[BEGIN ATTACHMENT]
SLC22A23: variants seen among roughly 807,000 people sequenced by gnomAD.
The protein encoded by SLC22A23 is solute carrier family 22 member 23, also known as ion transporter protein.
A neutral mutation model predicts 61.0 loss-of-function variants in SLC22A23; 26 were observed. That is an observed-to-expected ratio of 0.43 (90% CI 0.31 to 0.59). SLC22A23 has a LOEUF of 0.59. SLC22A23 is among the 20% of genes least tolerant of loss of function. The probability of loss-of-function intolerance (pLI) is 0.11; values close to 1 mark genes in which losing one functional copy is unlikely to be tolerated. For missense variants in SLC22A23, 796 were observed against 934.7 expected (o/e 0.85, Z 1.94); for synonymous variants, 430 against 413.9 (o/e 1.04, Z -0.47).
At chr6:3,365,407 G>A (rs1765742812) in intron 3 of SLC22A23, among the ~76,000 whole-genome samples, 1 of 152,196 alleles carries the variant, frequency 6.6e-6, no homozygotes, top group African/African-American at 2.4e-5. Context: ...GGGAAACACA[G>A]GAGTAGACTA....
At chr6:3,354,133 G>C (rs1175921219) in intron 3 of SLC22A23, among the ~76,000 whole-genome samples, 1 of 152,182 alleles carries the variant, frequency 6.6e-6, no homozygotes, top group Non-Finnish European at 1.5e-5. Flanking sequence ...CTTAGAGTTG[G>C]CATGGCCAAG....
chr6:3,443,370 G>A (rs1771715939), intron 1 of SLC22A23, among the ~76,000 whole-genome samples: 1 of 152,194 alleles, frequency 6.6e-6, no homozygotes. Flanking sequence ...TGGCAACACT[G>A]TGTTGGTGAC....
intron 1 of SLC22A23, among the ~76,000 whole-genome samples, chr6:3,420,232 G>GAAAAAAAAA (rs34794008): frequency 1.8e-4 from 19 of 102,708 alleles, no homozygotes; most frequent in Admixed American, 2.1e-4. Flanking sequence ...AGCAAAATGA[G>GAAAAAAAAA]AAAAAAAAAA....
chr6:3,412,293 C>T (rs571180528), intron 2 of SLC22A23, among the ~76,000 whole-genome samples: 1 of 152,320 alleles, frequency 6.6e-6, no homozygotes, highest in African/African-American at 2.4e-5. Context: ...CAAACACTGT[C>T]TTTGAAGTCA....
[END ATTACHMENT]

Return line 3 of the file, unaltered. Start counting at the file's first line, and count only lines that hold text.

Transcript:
A neutral mutation model predicts 61.0 loss-of-function variants in SLC22A23; 26 were observed. That is an observed-to-expected ratio of 0.43 (90% CI 0.31 to 0.59). SLC22A23 has a LOEUF of 0.59. SLC22A23 is among the 20% of genes least tolerant of loss of function. The probability of loss-of-function intolerance (pLI) is 0.11; values close to 1 mark genes in which losing one functional copy is unlikely to be tolerated. For missense variants in SLC22A23, 796 were observed against 934.7 expected (o/e 0.85, Z 1.94); for synonymous variants, 430 against 413.9 (o/e 1.04, Z -0.47).